Depending on the severity/size (or Stage) of your disc herniation in both your clinical signs and in your MRI, Stage 3 (large, severe) slipped disc must undergo surgery to improve no other choice ! Early Stage 1 (small, mild) and Mid Stage 2 (moderate disc bulge) can be "managed" by physical therapy whenever it "acts up" but without surgery cannot be permanently "cured".
According to Ministry of Health guidelines, laser treatment is currently NOT a recommended treatment for spinal disorders in Singapore (unlike in USA). In fact, laser spine surgery is NOT even included in the Ministry of Health list of Table for Surgical Procedures for purposes of fee benchmark/insurance/medisave claims ! Please be aware of this and double check with your specialist again if you are recommended to undergo laser spine treatment as you may be charged under another different spine procedure instead (e. g. radiofrequency discoplasty "injection" which is NOT laser treatment !)
Laminoplasty is a surgical procedure for the spine where the surgeon removes the bone located at the back of the spinal canal. The surgeon then proceeds to free the nerves, remove tumours, etc but after the decompression is achieved, the surgeon will replace the bone and screw it back in place to create a larger opening in the spinal canal. This is a common procedure for those with multiple level cervical spine compression where anterior surgery (from the front of the neck) would be excessive. It allows for good decompression for a larger area of the spinal canal.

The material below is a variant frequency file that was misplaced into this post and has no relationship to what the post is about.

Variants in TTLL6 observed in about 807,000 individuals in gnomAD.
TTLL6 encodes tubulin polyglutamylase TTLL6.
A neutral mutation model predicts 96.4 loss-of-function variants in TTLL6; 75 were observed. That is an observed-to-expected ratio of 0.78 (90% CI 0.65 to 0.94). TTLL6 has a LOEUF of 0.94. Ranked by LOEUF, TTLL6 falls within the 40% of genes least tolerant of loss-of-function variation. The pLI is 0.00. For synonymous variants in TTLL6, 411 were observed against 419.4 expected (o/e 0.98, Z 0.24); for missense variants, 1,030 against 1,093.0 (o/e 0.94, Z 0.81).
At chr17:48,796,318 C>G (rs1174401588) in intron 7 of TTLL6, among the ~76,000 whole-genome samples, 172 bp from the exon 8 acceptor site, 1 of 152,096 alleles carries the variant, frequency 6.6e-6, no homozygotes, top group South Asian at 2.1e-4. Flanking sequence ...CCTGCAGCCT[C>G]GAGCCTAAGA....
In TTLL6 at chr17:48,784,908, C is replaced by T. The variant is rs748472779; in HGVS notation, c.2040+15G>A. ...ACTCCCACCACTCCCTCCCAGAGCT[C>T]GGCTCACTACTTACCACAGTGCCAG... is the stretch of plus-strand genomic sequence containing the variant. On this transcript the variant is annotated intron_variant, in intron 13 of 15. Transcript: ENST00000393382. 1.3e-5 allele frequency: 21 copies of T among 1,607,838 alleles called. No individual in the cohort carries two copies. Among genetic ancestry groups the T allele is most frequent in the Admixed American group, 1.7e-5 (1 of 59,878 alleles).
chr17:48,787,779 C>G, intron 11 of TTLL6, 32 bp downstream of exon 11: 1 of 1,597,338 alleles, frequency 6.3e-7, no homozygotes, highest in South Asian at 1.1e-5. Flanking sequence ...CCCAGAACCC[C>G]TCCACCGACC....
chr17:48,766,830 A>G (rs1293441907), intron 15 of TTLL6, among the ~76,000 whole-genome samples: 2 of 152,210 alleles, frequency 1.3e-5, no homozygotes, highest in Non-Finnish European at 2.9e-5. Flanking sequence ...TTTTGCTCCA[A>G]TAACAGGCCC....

Hi there, From what you describe, it sounds like you have sciatica - which is basically pain along the sciatic nerve at the back of your leg. This can be due to a problem in the back or from an injury or irritation of the nerve in the leg itself. The first thing to do is to get this assessed, particularly if you are experiencing "red flag" symptoms. A Sports/MSK physician or physiotherapist can assess your back and determine where the pain might be coming from.
In principle, low or non-impact "horizontal" exercises (swimming, yoga, etc) are safer for your lower back. You don't want high impact "vertical" exercises (running, racket games, etc) to stress your worn out L4-5 disc further ! Heavy weight lifting stresses your back too if done upright "vertically" better to do them lying down "horizontally" or without bending your back.